At that point in time, Rodgers wasn't performing at the same level as the player who won the NFL's MVP award a year prior, and the Packers were looking like a team that might not qualify for the playoffs.
Since that time, however, the Packers have put together back-to-back impressive wins, both on the road, and Rodgers has been on top of his game, perhaps playing better than anyone else in the league.
Part of the reason Rodgers' play has improved has been because of those around him, both players and coaches. As Bleacher Report's own Zach Kruse pointed out in a column earlier this week, Rodgers has been the beneficiary of better pass protection, increased production from his receiving corps and a more balanced offensive game plan devised by the coaching staff.
Those three aspects operate largely independent of Rodgers. Meanwhile, the purpose of this article is to look at items Rodgers primarily has control over, namely his accuracy and its effect on the Packers.
Connecting on the deep ball
After blowing a 21-3 halftime lead, the Packers dropped to 2-3 and questions were popping up about an offense that was unstoppable a year ago but inconsistent in 2012.
For one, the Packers couldn't weren't hitting on deep balls at the same rate as they had in the past.
Tyler Dunne of the Milwaukee Journal Sentinel touched on the issue in an article following the loss to the Colts:
Probably the biggest difference between 2009- '11 and this season for Rodgers through five games has been the lack of big plays. Green Bay had a 40-yard pass play in 10 of 16 regular-season games last season. This year? Only one.
As if echoing the same sentiment, Kruse approached the issue in a different manner, writing, "The 2011 offense produced 78 plays of 20 or more yards, including an NFC-high 70 from the passing game. This season, however, the Packers have just 10 total plays over 20 yards, or just over three a game."
Granted, part of the reason for Rodgers' inability to complete the long ball was the way opponents have been defending the Packers. Defensive backs have been jamming wide receivers at the line of scrimmage while frequently keeping two safeties back deep.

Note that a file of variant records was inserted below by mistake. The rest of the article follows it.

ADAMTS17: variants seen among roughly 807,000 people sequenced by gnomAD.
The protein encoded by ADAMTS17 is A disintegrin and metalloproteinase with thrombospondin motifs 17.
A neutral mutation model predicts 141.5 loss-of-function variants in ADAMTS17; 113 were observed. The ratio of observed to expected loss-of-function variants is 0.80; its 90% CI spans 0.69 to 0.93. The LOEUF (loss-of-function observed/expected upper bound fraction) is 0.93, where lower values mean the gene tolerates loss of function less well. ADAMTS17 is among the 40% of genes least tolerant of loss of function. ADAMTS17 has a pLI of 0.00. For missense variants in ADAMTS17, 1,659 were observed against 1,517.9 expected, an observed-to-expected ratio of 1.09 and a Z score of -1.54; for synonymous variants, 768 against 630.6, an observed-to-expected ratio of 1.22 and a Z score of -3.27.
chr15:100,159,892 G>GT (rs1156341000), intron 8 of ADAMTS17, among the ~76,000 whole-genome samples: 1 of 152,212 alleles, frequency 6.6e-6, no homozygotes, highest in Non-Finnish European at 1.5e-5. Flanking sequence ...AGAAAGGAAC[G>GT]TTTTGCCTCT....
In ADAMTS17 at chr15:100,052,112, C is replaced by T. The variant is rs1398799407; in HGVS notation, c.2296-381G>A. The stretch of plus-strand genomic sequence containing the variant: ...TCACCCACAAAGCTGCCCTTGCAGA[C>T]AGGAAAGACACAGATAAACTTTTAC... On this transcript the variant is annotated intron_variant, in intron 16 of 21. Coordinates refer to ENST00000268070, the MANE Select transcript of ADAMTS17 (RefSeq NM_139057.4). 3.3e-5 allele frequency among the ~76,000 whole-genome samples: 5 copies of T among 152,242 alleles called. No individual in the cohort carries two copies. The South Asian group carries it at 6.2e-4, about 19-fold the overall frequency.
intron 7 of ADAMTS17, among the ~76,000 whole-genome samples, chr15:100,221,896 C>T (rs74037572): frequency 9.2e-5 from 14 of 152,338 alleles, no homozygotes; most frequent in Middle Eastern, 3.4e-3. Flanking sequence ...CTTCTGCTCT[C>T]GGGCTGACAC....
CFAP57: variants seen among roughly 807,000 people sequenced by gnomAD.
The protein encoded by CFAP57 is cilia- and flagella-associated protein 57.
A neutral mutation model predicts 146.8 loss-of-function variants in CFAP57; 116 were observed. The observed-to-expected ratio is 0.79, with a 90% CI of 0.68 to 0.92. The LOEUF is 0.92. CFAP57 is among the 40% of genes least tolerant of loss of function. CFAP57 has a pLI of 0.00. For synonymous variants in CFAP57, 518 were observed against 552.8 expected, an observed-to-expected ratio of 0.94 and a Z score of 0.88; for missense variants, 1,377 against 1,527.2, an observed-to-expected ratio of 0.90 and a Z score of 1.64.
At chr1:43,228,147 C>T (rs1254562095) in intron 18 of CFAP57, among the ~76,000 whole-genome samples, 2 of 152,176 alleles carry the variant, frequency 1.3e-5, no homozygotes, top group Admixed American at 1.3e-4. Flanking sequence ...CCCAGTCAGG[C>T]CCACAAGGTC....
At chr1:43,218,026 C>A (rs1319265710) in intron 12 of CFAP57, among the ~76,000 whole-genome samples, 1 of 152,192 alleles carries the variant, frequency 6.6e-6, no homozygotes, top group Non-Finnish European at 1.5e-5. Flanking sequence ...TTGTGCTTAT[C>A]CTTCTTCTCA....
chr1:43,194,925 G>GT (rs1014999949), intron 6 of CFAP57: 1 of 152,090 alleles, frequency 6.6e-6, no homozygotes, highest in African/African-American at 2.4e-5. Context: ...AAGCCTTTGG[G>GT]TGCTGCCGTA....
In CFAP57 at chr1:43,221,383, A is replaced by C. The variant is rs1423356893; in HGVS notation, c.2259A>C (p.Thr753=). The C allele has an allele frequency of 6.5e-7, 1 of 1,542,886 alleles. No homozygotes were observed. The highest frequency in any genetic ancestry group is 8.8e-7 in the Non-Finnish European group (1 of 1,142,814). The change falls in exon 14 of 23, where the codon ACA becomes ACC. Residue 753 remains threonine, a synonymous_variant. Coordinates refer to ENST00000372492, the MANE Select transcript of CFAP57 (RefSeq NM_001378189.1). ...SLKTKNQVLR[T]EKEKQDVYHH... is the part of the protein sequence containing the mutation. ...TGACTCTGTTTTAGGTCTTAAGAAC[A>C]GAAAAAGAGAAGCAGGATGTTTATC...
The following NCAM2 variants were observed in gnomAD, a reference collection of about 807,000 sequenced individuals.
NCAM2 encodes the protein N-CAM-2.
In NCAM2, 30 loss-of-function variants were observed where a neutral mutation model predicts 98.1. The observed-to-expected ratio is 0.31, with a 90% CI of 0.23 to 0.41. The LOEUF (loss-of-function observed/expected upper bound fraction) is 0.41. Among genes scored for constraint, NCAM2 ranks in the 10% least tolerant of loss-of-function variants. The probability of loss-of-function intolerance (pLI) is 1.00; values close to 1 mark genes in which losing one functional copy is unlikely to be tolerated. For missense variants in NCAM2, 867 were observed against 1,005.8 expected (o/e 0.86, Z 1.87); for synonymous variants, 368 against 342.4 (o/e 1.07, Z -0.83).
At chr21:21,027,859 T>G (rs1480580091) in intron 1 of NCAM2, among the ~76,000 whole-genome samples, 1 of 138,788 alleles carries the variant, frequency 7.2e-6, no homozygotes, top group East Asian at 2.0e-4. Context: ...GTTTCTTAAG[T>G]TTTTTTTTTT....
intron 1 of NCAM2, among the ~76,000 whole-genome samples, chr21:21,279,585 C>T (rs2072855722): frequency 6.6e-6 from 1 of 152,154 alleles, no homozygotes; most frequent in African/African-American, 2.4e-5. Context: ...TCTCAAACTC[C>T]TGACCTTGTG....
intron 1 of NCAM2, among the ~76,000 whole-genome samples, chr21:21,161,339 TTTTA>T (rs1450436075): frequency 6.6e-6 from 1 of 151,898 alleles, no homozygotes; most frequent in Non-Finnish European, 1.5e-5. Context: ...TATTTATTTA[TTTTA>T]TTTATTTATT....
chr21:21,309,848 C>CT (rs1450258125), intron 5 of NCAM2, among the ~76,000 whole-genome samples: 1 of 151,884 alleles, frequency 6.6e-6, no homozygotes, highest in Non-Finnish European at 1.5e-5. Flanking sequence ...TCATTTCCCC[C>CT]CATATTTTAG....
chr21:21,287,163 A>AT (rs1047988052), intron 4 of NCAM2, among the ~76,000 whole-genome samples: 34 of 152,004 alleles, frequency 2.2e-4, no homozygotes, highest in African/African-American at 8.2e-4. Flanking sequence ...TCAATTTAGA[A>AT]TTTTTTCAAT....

But in the Packers' past two victories, the Packers have started to connect on the big plays once again. Against the Texans, Rodgers completed two passes of more than 40 yards and three more greater than 20 while against the Rams, he found receivers open for gains of 52 and 39 yards, including his highlight-reel precision strike to Randall Cobb.
Keeping the chains moving
Following the loss to the Colts, Rodgers admitted the Packers' deficiencies in converting third downs into first downs.
On his weekly interview on the ESPN Radio affiliate in Milwaukee heard on 540 AM WAUK, Rodgers said, "We’ve just been inconsistent on third down. Last year we were up around 50 (percent). This year we are probably more in the 40 (percent) range."
To be specific, the Packers were converting on 39.7 percent of their third downs.
The impact of not converting on third down can be felt in time of possession. When the Packers are keeping the chains moving, they're also keeping the ball out of the hands of their opponents at the same time.
Once again, the Rodgers and the Packers have improved in this particular department, which wasn't exactly evident in the win over the Texans, but was clearly a prime factor in the win over the Rams when the Packers converted on nine-of-15 third downs (60 percent) and had possession of the football for nearly six minutes more than St. Louis.
Yards per attempt
Citing Kruse once again after the loss to the Colts: "Rodgers is averaging a career-low yards per attempt of just 6.48, a drop off from an NFL-high 9.25 a season ago."
Like all the other statistical categories examined so far, concern is dissipating about Rodgers' play in the wake of two consecutive wins.
The Packers quarterback simply has become more efficient. He's completing a high percentage of his passes (69.8 percent on the season), and—in fact—is only eclipsed among NFL quarterbacks in completion percentage by the Redskins' Robert Griffin III (70.4).
One result has been that Rodgers' average yards per attempt (7.6) has jumped more than a yard over the course of the past two games, which is still off pace from the 9.25 in 2011, but far more respectable than earlier in the season.
It hasn't just been about limiting turnovers for Rodgers, it's been about eliminating them.
Through the first five games of the season, Rodgers had thrown four interceptions after tossing six all of last year. Furthermore, all four of his 2012 interceptions occurred in the second half.
Not only has Rodgers not thrown an interception during the Packers' current two-game winning streak, his touchdown-to-interception ratio is 9-to-0.
It's becoming increasingly evident that any concerns about Rodgers' performance early in the season are fading fast, especially as they pertain to his throwing mechanics and accuracy. There's little to find fault with as Rodgers is leading the NFL with a 109.6 passer rating.
The difficulty lies in trying keep up the same high level of play Rodgers has demonstrated in the past two weeks. If he does, the Packers will be dangerous.